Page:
Lively, entertaining reviews of, and essays on, old and newer films and everything relating to them, written by professional author William Schoell.

Thursday, May 25, 2017


Holloway, Dumbrille, Dumont and Helton
SHAKE, RATTLE & ROCK (1956). Director: Edward L. Cahn.

"Rock 'n' Roll is destroying the youth of our nation."

DJ Gary Nelson (Mike "Touch" Connors) is the host of a teen rock and roll program which inspires the ire of a group of old fogies who are offended by its alleged vulgarity. They form the Society for the Prevention of Rock and Roll and the Corruption of American Youth or SPRACAY. The most interesting thing about the movie is that the members of this group include no less than Margaret Dumont [Little Giant], Douglass Dumbrille, and Percy Helton [The Crooked Way], all of whom are marvelous (Dumbrille is especially wonderful in his comic portrayal, but the others score as well). Unfortunately, while these veterans are aware that they are in a comedy, the same cannot be said for Mike Connors and Lisa Gaye as his girlfriend, who display little skill at humor. As Connor's good right hand, Sterling Holloway [Wild Boys of the Road] is pure camp as an early "Maynard G. Krebs" type. Shake, Rattle & Roll tries to have it both ways by trying to be "serious" at times, but it certainly doesn't work in this picture. The movie displays its own prejudices when it introduces a lisping nerd as the voice of classical music (although even he ends up "rockin'" at the end). Some rock and "swing" movies (from an earlier decade) respected classical and operatic music while celebrating the new type of sounds, while others got defensive and put down classical stuff the same way others derided rock 'n' roll; this is in the latter category. Raymond Hatton is fun as Dumont's hen-pecked but eventually liberated husband, Clarence Kolb plays a judge, and Fats Domino sings a couple of numbers. Much more screen time should have been given to Dumont, who can be very, very funny.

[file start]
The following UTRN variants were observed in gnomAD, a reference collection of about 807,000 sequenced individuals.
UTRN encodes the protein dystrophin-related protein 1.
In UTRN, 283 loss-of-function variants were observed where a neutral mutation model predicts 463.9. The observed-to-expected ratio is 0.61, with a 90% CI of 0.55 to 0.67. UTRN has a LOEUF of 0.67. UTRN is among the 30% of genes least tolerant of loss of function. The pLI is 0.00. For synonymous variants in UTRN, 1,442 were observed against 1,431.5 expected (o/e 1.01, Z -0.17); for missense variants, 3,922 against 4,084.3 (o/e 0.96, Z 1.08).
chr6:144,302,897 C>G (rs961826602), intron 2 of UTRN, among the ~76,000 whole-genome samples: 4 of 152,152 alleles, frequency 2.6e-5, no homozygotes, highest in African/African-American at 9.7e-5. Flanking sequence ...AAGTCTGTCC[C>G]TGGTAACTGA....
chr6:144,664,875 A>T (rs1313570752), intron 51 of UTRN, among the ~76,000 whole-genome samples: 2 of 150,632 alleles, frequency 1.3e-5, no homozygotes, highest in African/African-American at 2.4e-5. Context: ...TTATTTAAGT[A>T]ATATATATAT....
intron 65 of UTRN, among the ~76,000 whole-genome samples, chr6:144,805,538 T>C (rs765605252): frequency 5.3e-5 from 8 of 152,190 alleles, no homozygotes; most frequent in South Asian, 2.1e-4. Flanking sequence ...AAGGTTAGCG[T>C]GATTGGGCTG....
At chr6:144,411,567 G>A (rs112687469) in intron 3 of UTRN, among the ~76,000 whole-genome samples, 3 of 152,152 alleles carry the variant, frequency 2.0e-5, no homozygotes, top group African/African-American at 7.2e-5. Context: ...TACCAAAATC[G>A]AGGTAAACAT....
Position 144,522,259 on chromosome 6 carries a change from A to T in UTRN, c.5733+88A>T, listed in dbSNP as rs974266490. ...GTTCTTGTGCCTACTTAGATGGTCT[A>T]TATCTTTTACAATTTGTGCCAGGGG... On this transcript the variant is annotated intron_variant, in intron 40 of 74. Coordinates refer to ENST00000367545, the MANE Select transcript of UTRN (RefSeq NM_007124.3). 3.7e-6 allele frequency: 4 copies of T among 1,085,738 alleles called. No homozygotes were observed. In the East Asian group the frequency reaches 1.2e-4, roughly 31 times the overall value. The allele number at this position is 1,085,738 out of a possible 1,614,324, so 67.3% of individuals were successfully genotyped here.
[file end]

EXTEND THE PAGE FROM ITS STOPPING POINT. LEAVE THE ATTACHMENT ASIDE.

Verdict: Very amusing at times, but the fun eventually peters out and a lot of opportunities for great comedy are muffed. **1/2.


angelman66 said...

Have never seen this one, but a film made the same year, The Girl Can't Help It starring Jayne Mansfield, also captures the zeitgeist of the exciting and scary new music genre known as rock n roll. Love how these films capture and memorialize the iconic bands, songs and performers that shaped and changed our culture forever.

Would love to run across this sometime! Thanks for giving me yet another new film to add to my list!!

William said...

It's on youtube, with a lot of other fifties rock 'n roll movies, some of which are bearable while others .... ?